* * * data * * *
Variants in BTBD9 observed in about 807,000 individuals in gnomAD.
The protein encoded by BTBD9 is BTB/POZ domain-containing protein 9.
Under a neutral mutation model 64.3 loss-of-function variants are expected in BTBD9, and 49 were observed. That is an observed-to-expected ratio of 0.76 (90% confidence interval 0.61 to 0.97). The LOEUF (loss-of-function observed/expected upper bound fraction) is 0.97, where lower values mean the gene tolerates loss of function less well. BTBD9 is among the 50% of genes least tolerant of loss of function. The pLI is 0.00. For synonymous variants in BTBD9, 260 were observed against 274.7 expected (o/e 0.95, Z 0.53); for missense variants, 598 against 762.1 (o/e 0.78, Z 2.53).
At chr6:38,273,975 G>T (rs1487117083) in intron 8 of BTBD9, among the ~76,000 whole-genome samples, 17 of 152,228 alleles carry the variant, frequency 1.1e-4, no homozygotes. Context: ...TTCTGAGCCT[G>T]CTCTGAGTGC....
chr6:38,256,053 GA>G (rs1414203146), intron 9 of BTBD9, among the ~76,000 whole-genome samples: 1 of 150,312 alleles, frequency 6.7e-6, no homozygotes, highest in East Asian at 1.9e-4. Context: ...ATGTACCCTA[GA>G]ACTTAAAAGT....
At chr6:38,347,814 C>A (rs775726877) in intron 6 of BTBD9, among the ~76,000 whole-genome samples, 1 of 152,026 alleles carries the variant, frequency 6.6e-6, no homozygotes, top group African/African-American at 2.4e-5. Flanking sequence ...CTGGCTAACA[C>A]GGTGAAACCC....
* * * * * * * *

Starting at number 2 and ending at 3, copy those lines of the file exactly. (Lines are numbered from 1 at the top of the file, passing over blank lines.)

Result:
The protein encoded by BTBD9 is BTB/POZ domain-containing protein 9.
Under a neutral mutation model 64.3 loss-of-function variants are expected in BTBD9, and 49 were observed. That is an observed-to-expected ratio of 0.76 (90% confidence interval 0.61 to 0.97). The LOEUF (loss-of-function observed/expected upper bound fraction) is 0.97, where lower values mean the gene tolerates loss of function less well. BTBD9 is among the 50% of genes least tolerant of loss of function. The pLI is 0.00. For synonymous variants in BTBD9, 260 were observed against 274.7 expected (o/e 0.95, Z 0.53); for missense variants, 598 against 762.1 (o/e 0.78, Z 2.53).